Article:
Marine Corps Reserve and World War I

The reserve faction of each military branch is essential. When war breaks out, reserve troops can be called upon to provide additional support, both on and off the battlefield. On August 29, 1916 the Naval Appropriations Act of 1916 formally created the Marine Corps Reserve. By April of 1916, the Reserve had just 36 members. That number would swell to 6,467 in 1918, including 300 women. As of 2020, the U.S. Marine Corps Forces Reserve included over 35,000 personnel. 

1916 was not the first time that some iteration reserve forces for the Marines came into existence, but up until that point it was never national. There was a recognized need for a naval reserve dating back to the Civil War. In the time between the Civil War and World War I, states attempted to independently fulfill that need. While that helped, the absence of national force limited the ability of each faction’s readiness and effectiveness.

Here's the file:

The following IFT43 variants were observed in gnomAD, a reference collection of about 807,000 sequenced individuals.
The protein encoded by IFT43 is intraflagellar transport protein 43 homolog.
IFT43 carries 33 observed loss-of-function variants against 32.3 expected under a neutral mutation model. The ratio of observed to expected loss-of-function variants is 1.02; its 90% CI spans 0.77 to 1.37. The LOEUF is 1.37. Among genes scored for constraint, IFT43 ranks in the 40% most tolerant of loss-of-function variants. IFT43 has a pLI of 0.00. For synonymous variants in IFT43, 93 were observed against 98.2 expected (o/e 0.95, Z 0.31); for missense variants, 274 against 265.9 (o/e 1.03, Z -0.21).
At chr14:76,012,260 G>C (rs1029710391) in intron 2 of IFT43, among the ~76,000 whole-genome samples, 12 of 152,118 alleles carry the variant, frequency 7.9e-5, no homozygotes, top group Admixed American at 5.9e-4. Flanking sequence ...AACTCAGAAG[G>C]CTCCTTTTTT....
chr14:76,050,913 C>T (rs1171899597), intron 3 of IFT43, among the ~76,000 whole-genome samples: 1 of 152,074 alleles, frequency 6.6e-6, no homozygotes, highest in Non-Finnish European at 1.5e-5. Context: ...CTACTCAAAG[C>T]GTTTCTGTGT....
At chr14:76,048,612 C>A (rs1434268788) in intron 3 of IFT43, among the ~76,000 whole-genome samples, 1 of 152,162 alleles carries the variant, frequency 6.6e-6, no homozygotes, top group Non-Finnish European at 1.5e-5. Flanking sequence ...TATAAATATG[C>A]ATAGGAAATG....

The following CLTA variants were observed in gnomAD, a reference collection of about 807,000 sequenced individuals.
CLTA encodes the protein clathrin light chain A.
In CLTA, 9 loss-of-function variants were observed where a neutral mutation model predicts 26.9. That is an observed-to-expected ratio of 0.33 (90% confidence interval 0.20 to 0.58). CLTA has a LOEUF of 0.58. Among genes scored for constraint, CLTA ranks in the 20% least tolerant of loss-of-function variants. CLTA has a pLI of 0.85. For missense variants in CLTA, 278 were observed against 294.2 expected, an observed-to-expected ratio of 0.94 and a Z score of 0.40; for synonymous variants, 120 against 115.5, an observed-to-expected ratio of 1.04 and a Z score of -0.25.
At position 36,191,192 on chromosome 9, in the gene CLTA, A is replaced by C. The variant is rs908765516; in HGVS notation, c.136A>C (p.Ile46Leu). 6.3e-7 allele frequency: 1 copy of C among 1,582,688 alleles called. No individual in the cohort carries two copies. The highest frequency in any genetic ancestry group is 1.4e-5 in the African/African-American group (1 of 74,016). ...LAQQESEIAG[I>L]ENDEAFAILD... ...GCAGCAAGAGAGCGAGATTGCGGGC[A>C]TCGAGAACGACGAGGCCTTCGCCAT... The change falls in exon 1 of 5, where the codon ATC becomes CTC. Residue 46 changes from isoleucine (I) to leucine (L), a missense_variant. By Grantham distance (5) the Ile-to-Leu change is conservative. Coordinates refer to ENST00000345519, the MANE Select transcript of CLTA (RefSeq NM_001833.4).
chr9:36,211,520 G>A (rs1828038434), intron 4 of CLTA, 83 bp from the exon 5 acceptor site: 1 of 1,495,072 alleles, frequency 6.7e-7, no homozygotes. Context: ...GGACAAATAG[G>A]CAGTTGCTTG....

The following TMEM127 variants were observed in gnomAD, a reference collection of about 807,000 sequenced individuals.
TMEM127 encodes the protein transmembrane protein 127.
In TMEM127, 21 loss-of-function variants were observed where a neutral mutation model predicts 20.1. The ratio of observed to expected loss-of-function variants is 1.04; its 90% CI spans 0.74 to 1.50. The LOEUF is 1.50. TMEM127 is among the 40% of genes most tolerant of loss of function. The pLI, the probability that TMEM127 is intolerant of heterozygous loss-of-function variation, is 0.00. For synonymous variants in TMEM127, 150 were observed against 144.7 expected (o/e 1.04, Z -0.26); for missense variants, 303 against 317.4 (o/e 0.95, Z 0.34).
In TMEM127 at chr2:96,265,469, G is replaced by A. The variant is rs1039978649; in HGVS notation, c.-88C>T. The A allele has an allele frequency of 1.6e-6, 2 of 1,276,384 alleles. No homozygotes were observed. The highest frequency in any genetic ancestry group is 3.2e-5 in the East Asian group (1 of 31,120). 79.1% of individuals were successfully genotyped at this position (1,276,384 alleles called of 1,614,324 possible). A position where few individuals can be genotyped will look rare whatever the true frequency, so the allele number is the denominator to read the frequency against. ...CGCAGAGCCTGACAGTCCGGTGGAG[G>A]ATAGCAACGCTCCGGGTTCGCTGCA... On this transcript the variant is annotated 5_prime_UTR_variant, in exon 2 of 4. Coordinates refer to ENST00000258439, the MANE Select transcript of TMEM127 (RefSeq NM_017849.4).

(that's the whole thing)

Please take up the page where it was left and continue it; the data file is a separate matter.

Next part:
World War I, or The Great War, broke out in 1914 in Europe. America was not involved, and President Woodrow Wilson wasn’t interested in changing that. Slowly but steadily, America was drawn in. One of the major turning points was the 1915 sinking of the RMS Lusitania, carrying American passengers. It caused a shift in opinion for many Americans, as did more American deaths with the sinking of the SS Arabic. As these events transpired, it became apparent that America was likely to get involved in the war, and it was time to get prepared. That led President Wilson to sign the Naval Appropriations Act into law. Thousands joined the Marine Corps Reserve, and continue to do so to this day.

During WWI, reservists were called to battle on sea and on land. The integration was crucial to assisting Allied forces in their fight. Some reservists even flew with the British Northern Bombing Group, helping to destroy enemy transportation networks. 

After the war, the force was trimmed to just 600 active members but by 1930, the Reserve forces grew, this time to over 10,000. That would be just a fraction of the Reserve’s size that would exist and participate in the next great war: World War II. 

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Posted on August 29 2022 in Blog

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